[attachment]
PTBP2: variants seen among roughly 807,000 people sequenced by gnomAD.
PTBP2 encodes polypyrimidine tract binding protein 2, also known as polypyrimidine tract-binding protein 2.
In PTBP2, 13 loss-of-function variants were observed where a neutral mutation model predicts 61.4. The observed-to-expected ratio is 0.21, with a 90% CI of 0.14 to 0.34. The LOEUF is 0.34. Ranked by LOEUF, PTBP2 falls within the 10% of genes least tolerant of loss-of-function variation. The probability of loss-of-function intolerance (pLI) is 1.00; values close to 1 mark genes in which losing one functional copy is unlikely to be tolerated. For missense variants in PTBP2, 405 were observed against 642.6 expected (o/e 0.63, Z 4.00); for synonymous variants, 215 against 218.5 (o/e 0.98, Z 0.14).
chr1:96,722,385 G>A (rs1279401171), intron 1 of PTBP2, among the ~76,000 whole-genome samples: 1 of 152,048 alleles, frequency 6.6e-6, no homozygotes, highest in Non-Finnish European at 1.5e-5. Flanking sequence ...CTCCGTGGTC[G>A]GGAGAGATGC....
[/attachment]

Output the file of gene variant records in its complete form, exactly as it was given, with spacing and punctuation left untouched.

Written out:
PTBP2: variants seen among roughly 807,000 people sequenced by gnomAD.
PTBP2 encodes polypyrimidine tract binding protein 2, also known as polypyrimidine tract-binding protein 2.
In PTBP2, 13 loss-of-function variants were observed where a neutral mutation model predicts 61.4. The observed-to-expected ratio is 0.21, with a 90% CI of 0.14 to 0.34. The LOEUF is 0.34. Ranked by LOEUF, PTBP2 falls within the 10% of genes least tolerant of loss-of-function variation. The probability of loss-of-function intolerance (pLI) is 1.00; values close to 1 mark genes in which losing one functional copy is unlikely to be tolerated. For missense variants in PTBP2, 405 were observed against 642.6 expected (o/e 0.63, Z 4.00); for synonymous variants, 215 against 218.5 (o/e 0.98, Z 0.14).
chr1:96,722,385 G>A (rs1279401171), intron 1 of PTBP2, among the ~76,000 whole-genome samples: 1 of 152,048 alleles, frequency 6.6e-6, no homozygotes, highest in Non-Finnish European at 1.5e-5. Flanking sequence ...CTCCGTGGTC[G>A]GGAGAGATGC....